Today we will design CD covers using some internet sites. This task is worth 10 marks towards your first semester assessment.
First watch the videos from Common Craft on Creative Commons
Follow these instructions:-
- Go to wikipedia and hit random article on the left. The first random wikipedia article you get is the name of your band. Key it into a Word document. Save the name and the url
- Go to the quotations page and hit random quotes on the left. The last 4-6 words of the very last quote of the page is the title of your album. Save the name and the url.
- Now find a photo that fits with your album! You can look for photos at compfight. Add a search word. Choose creative commons and find an appropriate image.
- Make sure that you follow the prompts, grab the code or get the web address of your photo and the photographers name so you can acknowledge (and link) where you got the photo from. Double check the permissions!
- Use powerpoint, word, paint or other program to put it all together for your CD cover design. Consider using an online text creator for the title of your CD
- Save as a jpg or png.
- Goto your blog, write a blog post. Insert your CD cover image, explain how you put your album cover together.
- Share the owner of the original photo or follow the permissions and required credits given.
- Add the category IT or Info Tech to your blog post
- Add tags stating all the websites used and why you used themetc
- Publish your blog post.
Recently Maria del Carmen Colussa posted an update on the HLW skype group looking for someone to practise conversational English with one of her students – Carina. It is not often that my time zone matches that of students in the USA or Sth America so here was a golden opportunity to connect. Maria comes from Santo Tomé, Santa Fe, Argentina and teaches English to Spanish speaking students.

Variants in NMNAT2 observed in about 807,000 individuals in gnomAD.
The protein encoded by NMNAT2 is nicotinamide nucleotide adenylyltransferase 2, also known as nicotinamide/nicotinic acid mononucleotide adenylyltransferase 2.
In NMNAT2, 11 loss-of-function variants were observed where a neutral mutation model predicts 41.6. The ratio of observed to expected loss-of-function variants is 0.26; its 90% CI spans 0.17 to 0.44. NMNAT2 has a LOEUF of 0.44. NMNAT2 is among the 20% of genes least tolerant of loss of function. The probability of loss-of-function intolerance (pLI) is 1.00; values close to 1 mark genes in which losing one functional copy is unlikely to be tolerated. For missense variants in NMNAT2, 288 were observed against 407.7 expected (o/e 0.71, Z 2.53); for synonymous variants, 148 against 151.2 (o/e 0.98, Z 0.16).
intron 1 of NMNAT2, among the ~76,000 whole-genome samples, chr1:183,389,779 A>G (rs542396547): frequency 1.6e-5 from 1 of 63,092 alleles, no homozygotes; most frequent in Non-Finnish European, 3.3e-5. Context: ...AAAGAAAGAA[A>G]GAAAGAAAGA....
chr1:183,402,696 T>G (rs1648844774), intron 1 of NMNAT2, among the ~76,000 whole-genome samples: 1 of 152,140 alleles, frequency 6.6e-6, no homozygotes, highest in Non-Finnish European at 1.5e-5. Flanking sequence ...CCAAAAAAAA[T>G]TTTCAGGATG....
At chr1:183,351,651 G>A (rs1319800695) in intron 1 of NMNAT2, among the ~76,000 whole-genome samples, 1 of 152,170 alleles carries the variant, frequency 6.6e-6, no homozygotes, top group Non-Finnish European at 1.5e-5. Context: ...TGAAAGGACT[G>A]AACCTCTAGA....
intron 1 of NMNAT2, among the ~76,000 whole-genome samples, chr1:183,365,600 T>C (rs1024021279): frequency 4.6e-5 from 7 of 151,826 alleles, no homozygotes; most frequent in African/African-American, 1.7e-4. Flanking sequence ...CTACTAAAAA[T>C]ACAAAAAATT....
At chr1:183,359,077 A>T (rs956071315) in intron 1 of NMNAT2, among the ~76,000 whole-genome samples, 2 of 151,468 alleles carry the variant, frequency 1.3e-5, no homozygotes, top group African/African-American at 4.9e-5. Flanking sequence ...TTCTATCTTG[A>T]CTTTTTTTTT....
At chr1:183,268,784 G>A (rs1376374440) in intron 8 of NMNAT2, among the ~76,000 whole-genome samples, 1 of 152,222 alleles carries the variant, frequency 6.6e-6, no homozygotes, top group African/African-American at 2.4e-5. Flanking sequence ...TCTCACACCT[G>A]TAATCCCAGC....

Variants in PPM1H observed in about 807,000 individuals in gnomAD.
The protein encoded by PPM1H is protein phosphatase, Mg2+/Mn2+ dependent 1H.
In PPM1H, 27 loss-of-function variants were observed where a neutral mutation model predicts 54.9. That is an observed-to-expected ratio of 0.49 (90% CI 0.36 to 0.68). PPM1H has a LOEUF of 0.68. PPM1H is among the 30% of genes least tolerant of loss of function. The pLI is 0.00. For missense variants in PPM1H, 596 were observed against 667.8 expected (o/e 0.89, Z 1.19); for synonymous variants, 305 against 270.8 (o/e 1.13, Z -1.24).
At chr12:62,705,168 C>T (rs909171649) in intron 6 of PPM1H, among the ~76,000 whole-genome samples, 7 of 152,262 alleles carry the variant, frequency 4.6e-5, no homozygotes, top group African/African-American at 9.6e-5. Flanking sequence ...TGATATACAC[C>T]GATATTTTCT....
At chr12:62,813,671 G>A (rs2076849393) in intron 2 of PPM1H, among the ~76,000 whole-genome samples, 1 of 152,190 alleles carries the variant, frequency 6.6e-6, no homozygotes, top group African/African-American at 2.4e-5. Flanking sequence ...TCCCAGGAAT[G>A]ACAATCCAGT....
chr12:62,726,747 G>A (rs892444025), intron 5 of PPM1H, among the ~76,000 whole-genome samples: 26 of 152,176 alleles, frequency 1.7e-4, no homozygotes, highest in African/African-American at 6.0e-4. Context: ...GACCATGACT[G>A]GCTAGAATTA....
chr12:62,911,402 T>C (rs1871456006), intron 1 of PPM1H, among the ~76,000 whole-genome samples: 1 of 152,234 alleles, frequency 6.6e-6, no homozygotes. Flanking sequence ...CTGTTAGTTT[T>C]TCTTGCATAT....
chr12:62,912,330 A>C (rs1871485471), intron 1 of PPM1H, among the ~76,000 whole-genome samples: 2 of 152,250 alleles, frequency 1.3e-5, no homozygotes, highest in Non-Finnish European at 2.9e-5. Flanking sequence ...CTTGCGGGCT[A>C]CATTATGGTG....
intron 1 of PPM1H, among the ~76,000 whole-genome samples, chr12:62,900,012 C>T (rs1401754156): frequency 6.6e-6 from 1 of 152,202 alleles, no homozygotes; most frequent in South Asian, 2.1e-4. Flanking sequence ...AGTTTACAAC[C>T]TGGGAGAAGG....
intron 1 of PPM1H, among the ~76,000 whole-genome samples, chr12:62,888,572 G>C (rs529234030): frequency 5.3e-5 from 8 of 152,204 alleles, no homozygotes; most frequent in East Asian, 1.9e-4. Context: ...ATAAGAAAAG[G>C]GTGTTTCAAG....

Carina is an adult student – a pharmacist who wished to travel thereby wanting to improve her conversational English. We talked a little about Australia. Then I noticed one of my year 9 students working in the lab and invited her to be part of the conversation. Initial confidence, volume of voice, accents and clear speaking are always a challenge when first connecting. Georgina used the txt chat regularly to ensure they understood her.
The sharing and demonstrating of objects is always engaging. Georgina showed a toy koala and to our delight Carina and Maria immediately produced and showed us two cholitas which come from Salta the north of our country.
From Maria and Carina
Georgina’s curiousity was aroused and she searched online for more information about the dolls and the country once the skype videoconference was finished. As often occurs, the learning continued beyond the initial linkup. Read Georgina’s post on Skype with Argentina.
A roadside stall
Australia has commenced the new national curriculum in core curriculum subjects. The development of the Economics and Business curriculum is now in engagement phase. I have been requested to participate in this and will develop a teaching and learning artefacts.
Year 5 will look at decision making in relation to “Where do you Shop?” and explore the ways in which the needs and wants of individuals and groups are met by the following shopping options:-
- roadside stalls
- main streets or high streets
- shopping centres
If you have time, could you please fill in the following survey so that the data might be used by year 5 students in their learning. Thanks in advance. If you have any questions or comments and suggestions please leave them in a comment below. The data will be also shared via this blog, should others wish to use it in their classrooms.